"It was my decision. It was just to see how my body goes. I hadn't had a stress fracture since 2010 and I just had a little bit of 'nervy' in the back, so I just wanted to take the time to play when I can, play when I know I'm ready, rather than having to play every series or every whatever is coming up.
"So to make that decision on my own according to my body has been good so far. Still happy with the decision, and it's more just for me to have the calmness and to know that, if I need a break for a week, if I need a break for a month, then I can do that.
"The most immediate thing that has a question mark around would probably be the one-dayers, having a Champions Trophy coming up at the start of next year. So that would be the big question mark on how we're going to go about that. So far, things have been going good, but they're still chats that I need to have with Cricket South Africa, which I haven't had. I haven't really made a decision on what's going to happen with one-day cricket in the next few months. So we'll take that as it comes. But for now, it's obviously focusing on the World Cup and trying to get through this and bring the trophy back home."
Nortje's impact on South Africa's success in the T20 World Cup illustrates why CSA is happy to accommodate him. He is their leading wicket-taker of the tournament, and joint second overall, with nine throughout the group stage, conceding just 70 runs at an average of 10.66 and an economy rate of 4.37. The contrast to his returns in the IPL is striking.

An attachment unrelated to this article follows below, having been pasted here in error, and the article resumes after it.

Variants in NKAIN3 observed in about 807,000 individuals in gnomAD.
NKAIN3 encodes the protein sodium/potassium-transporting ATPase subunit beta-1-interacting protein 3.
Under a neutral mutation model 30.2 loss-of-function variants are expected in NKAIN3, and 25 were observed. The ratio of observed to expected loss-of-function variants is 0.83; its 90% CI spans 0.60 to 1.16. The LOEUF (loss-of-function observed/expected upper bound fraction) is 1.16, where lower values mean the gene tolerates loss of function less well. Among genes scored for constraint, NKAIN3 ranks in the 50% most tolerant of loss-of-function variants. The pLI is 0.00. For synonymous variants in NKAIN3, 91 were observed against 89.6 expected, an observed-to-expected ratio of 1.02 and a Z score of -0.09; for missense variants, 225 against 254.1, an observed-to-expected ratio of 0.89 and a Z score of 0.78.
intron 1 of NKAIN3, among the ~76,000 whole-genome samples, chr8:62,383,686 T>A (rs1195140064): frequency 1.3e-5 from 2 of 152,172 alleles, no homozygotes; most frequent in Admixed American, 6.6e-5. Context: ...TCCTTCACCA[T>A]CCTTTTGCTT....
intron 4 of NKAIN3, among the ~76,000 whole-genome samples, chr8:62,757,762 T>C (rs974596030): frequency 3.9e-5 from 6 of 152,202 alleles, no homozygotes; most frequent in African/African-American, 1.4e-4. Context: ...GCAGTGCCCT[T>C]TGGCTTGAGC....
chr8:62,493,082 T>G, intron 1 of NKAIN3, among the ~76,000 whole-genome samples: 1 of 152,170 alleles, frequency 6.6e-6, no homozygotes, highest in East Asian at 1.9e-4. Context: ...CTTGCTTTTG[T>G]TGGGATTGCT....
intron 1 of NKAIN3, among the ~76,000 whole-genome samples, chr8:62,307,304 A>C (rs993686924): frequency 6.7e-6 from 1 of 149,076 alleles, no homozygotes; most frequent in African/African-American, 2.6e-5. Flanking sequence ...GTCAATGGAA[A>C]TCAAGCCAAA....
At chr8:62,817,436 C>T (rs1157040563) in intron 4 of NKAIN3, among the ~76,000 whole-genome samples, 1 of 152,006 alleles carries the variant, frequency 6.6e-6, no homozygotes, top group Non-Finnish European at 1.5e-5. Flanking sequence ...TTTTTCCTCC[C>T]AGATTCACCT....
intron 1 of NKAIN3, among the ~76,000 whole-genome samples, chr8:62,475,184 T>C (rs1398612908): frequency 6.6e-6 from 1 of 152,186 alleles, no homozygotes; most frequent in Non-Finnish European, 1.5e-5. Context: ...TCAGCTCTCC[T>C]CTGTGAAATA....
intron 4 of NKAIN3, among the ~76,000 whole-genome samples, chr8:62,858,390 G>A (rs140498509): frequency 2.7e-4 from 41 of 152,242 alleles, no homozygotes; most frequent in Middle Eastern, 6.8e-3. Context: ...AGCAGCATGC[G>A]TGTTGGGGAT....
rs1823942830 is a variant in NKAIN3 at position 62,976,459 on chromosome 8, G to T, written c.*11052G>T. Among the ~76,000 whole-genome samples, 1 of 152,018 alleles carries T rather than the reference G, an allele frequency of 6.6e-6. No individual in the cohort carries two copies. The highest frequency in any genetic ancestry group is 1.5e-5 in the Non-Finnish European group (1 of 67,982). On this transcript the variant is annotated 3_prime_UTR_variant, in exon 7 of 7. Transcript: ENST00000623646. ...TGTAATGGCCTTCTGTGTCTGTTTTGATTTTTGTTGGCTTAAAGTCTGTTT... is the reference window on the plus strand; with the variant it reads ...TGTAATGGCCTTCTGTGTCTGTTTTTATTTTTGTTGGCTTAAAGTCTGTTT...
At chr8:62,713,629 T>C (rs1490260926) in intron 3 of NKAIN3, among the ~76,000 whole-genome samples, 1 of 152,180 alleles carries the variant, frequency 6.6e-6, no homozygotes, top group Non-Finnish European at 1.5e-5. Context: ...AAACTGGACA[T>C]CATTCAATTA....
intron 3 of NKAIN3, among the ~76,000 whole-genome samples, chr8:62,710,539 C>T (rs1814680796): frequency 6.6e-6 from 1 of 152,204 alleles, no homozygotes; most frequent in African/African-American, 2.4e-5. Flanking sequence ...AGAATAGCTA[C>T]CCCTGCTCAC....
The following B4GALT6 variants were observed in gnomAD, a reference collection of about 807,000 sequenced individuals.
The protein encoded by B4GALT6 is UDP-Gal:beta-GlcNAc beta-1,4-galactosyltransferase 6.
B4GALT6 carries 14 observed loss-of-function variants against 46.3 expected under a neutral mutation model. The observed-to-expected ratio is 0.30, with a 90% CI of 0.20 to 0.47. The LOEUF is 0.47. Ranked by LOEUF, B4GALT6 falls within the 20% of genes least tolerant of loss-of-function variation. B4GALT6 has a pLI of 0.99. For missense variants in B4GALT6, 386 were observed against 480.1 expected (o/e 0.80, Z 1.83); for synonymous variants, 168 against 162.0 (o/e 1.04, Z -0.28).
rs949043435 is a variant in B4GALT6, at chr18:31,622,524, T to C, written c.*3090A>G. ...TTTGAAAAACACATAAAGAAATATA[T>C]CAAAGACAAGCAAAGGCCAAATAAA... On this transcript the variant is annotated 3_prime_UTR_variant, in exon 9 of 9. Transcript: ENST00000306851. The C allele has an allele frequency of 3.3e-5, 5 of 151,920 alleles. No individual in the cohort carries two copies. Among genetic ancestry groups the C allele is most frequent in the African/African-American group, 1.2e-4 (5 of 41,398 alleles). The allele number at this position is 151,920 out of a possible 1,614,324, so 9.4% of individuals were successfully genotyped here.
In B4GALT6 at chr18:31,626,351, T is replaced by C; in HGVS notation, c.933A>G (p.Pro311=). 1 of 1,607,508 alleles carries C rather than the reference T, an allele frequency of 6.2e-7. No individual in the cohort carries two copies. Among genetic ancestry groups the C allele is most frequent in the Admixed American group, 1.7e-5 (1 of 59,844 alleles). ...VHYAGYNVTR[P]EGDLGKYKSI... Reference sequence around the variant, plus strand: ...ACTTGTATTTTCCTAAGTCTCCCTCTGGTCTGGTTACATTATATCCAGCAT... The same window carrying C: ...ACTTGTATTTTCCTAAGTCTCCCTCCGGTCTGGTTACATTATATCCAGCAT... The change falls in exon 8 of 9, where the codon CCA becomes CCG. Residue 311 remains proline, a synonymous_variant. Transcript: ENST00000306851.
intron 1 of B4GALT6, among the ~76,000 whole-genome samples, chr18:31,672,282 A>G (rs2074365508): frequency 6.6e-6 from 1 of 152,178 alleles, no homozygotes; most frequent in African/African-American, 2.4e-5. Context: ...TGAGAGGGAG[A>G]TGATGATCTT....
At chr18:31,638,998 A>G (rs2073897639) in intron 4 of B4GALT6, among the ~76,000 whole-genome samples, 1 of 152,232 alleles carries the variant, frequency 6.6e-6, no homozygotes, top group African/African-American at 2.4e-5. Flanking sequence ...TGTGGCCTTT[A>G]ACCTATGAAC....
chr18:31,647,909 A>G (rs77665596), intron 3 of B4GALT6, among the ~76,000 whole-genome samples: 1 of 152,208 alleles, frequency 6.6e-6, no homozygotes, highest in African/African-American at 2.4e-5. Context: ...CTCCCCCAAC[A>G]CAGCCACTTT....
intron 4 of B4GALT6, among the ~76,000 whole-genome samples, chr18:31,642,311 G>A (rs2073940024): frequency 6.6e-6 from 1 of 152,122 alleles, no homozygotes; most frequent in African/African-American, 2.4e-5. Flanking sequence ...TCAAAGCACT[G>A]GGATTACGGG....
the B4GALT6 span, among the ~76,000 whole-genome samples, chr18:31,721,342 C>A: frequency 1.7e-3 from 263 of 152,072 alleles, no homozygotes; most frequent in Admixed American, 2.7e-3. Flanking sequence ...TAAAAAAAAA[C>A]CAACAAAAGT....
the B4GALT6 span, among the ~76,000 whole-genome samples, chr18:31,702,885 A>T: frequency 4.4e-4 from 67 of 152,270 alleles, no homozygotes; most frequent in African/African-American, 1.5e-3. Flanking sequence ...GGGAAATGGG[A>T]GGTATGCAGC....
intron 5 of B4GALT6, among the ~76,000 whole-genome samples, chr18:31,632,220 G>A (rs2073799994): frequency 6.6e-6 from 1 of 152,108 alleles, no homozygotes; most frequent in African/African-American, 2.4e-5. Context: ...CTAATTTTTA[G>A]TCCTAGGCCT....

Nortje pulled his lengths back in the US, where South Africa have played all their matches until now. In fact, 59.38% of his deliveries have been short or short-of-length balls compared to 38.64% at the IPL. Those shorter deliveries have accounted for six of his wickets at an average of 7.83.
"Every game is a big game, but once you start worrying about the next game I think you lose a little bit of focus on what you have to do now. We're in it to win it"
Nortje and South Africa's focus is crystal clear
This was not so much a preconceived plan as it was a response to pitches that offered plentiful assistance off the surface.
"So far, the wickets have been sort of try and build your best delivery, with what we've had in the last few weeks. It's obviously been low scores, but still just trying to put the ball in the right place.
"It's just a case of what's working on the day. We played three games in New York, so I suppose it was probably copy-paste for those three games, but now it's changing every game again, with different venues most of the time. So you try and find out and see what's happening in the first few overs, and then try and adapt to that. I'm sure the lengths will be different, but it's not really about going out before the game and saying, this is the length, or that's the length, just about finding it."
If South Africa make the semi-final, their unwelcome tag of never yet playing in any men's World Cup final will inevitably surface, but Nortje is not phased by any historic hoodoo.
"We do know that it is a World Cup and it is a big occasion. I don't think anyone is downplaying that. It's not just another game. Every game is a big game, but once you start worrying about the next game I think you lose a little bit of focus on what you have to do now. We're in it to win it. We're really focused and well prepped to go all the way."
And for Nortje, that means the handbrake is off.
"I don't think there's any holding back. The stress fracture, all of that from the injury, has been fully healed. I'm very happy with that, and it's just about what we need to do to win and whatever I have to do to get to that stage, I'll do it."

Melinda Farrell is a journalist and broadcaster